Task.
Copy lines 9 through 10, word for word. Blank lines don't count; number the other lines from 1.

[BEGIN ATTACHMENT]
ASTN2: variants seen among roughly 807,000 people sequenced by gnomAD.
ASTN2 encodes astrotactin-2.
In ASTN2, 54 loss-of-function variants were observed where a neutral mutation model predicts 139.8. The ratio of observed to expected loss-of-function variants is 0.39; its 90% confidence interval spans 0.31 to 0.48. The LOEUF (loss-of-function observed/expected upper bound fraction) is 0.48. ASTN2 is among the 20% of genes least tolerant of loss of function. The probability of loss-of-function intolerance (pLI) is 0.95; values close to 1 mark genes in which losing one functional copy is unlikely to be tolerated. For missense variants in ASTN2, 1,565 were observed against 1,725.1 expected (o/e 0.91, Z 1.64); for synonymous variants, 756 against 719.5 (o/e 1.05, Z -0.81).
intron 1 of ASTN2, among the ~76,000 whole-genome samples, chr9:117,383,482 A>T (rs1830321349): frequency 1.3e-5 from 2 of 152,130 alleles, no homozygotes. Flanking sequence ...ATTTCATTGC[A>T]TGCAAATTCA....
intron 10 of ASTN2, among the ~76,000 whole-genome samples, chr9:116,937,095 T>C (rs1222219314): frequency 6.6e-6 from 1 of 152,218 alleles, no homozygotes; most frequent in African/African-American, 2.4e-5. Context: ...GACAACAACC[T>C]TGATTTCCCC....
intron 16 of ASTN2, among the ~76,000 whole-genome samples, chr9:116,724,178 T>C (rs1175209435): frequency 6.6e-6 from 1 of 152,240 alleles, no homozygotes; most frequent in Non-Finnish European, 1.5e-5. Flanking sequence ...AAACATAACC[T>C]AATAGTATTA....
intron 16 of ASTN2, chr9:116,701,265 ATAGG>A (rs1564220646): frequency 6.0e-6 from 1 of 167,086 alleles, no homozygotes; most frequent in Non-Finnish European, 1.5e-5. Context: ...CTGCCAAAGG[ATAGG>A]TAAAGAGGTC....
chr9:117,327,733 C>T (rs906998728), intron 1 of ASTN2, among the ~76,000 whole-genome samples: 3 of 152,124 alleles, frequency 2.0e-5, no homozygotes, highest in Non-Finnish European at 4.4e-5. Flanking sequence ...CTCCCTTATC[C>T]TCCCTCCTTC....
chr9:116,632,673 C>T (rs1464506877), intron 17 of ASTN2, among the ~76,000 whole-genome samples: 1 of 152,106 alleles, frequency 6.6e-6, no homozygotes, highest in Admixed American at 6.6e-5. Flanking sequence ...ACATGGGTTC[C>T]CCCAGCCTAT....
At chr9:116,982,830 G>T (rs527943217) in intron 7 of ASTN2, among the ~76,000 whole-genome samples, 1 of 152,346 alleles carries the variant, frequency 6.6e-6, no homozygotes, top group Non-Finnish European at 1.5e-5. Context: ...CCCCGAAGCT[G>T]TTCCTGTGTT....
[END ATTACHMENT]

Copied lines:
chr9:116,632,673 C>T (rs1464506877), intron 17 of ASTN2, among the ~76,000 whole-genome samples: 1 of 152,106 alleles, frequency 6.6e-6, no homozygotes, highest in Admixed American at 6.6e-5. Flanking sequence ...ACATGGGTTC[C>T]CCCAGCCTAT....
At chr9:116,982,830 G>T (rs527943217) in intron 7 of ASTN2, among the ~76,000 whole-genome samples, 1 of 152,346 alleles carries the variant, frequency 6.6e-6, no homozygotes, top group Non-Finnish European at 1.5e-5. Context: ...CCCCGAAGCT[G>T]TTCCTGTGTT....